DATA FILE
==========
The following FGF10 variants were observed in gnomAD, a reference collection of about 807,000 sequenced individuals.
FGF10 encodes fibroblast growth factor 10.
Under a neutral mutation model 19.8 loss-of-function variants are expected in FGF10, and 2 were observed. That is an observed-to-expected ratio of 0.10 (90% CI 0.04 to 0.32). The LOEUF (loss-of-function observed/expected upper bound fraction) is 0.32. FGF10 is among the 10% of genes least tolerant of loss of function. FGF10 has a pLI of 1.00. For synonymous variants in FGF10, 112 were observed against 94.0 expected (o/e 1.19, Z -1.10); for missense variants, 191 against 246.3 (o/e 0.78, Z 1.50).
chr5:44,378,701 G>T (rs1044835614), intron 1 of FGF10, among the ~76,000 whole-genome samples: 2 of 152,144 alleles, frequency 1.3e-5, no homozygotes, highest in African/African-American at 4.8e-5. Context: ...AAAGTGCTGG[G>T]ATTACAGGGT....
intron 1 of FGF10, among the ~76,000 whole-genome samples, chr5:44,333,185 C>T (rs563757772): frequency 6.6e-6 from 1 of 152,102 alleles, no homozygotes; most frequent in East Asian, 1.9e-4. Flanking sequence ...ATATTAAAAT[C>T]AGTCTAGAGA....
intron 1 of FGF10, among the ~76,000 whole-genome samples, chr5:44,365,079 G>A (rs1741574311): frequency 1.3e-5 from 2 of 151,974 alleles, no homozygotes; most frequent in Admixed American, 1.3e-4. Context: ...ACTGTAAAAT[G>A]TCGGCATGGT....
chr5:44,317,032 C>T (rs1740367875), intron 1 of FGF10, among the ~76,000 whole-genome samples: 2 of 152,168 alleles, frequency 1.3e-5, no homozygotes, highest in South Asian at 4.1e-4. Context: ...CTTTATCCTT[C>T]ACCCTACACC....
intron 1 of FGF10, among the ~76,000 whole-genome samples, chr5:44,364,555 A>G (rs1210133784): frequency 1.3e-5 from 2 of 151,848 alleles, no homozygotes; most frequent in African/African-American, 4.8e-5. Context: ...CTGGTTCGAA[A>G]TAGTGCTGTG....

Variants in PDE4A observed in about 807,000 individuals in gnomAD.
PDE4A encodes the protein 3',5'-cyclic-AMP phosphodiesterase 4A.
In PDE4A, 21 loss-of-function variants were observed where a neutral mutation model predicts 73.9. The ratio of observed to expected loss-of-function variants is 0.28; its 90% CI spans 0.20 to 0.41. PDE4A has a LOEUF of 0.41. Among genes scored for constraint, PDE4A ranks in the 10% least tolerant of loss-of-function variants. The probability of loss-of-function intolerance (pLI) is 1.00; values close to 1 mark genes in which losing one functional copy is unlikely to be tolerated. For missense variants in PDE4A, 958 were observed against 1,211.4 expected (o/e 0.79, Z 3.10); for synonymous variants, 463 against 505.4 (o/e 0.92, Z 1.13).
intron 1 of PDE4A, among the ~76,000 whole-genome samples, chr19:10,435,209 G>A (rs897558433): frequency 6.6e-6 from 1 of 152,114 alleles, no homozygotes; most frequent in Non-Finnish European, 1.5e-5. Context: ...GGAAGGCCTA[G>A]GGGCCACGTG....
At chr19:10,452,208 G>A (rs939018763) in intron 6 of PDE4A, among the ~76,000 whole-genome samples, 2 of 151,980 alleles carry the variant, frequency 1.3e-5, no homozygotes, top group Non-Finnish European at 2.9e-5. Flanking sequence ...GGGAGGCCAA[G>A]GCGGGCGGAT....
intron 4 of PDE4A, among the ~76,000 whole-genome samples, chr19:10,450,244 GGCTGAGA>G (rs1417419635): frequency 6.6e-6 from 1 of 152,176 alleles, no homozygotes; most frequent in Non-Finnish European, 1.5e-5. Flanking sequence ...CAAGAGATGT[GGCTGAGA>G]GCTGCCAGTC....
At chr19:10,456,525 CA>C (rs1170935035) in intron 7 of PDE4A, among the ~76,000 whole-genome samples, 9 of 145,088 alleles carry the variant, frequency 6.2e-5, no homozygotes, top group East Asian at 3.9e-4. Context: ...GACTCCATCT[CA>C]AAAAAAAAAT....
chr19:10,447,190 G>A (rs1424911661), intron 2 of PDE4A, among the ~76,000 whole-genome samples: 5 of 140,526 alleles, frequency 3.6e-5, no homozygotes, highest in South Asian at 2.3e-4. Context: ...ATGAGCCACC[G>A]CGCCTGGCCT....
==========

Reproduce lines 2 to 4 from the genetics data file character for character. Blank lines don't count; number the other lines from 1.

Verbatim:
FGF10 encodes fibroblast growth factor 10.
Under a neutral mutation model 19.8 loss-of-function variants are expected in FGF10, and 2 were observed. That is an observed-to-expected ratio of 0.10 (90% CI 0.04 to 0.32). The LOEUF (loss-of-function observed/expected upper bound fraction) is 0.32. FGF10 is among the 10% of genes least tolerant of loss of function. FGF10 has a pLI of 1.00. For synonymous variants in FGF10, 112 were observed against 94.0 expected (o/e 1.19, Z -1.10); for missense variants, 191 against 246.3 (o/e 0.78, Z 1.50).
chr5:44,378,701 G>T (rs1044835614), intron 1 of FGF10, among the ~76,000 whole-genome samples: 2 of 152,144 alleles, frequency 1.3e-5, no homozygotes, highest in African/African-American at 4.8e-5. Context: ...AAAGTGCTGG[G>T]ATTACAGGGT....